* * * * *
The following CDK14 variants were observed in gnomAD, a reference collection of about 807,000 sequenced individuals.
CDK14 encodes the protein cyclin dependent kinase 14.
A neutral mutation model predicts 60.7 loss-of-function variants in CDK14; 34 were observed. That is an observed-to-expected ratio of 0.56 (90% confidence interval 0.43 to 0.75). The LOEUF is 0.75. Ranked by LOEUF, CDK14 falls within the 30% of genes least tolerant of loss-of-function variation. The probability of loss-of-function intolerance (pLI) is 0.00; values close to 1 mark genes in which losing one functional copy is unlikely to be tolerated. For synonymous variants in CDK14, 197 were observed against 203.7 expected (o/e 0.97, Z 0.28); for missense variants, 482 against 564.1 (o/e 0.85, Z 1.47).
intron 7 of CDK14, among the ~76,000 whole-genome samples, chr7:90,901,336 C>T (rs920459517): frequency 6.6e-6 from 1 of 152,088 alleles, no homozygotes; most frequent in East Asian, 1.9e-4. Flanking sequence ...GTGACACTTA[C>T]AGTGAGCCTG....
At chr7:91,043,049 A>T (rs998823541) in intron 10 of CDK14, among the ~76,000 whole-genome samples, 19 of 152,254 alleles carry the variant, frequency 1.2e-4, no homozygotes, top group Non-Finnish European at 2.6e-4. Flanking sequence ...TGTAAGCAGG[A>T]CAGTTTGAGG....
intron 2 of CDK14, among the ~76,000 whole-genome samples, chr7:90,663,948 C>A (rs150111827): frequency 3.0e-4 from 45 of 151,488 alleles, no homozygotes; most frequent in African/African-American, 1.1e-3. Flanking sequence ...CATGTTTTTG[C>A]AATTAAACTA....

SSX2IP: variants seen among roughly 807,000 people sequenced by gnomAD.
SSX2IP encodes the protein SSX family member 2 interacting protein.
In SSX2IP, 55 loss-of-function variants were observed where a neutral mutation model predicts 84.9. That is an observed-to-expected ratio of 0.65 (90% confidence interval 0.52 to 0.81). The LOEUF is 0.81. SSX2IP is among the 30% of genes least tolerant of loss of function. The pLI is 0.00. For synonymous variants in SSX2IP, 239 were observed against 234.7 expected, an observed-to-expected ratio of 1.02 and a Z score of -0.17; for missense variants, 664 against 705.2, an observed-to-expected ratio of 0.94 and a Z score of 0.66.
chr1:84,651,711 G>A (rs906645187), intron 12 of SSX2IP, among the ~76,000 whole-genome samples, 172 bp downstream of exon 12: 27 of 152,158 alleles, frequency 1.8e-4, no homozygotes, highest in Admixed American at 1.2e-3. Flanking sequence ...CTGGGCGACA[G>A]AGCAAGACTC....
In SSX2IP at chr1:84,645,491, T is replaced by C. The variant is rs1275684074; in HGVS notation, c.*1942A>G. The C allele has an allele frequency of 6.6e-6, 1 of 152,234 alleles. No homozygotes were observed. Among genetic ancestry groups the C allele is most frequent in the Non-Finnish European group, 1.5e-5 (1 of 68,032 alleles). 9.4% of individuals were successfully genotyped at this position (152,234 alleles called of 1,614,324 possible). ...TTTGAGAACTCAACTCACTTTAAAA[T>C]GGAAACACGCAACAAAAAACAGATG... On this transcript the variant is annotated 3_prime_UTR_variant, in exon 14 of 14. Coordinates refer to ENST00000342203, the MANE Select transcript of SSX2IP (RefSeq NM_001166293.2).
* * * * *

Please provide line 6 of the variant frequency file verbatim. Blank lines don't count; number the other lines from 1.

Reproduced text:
intron 2 of CDK14, among the ~76,000 whole-genome samples, chr7:90,663,948 C>A (rs150111827): frequency 3.0e-4 from 45 of 151,488 alleles, no homozygotes; most frequent in African/African-American, 1.1e-3. Flanking sequence ...CATGTTTTTG[C>A]AATTAAACTA....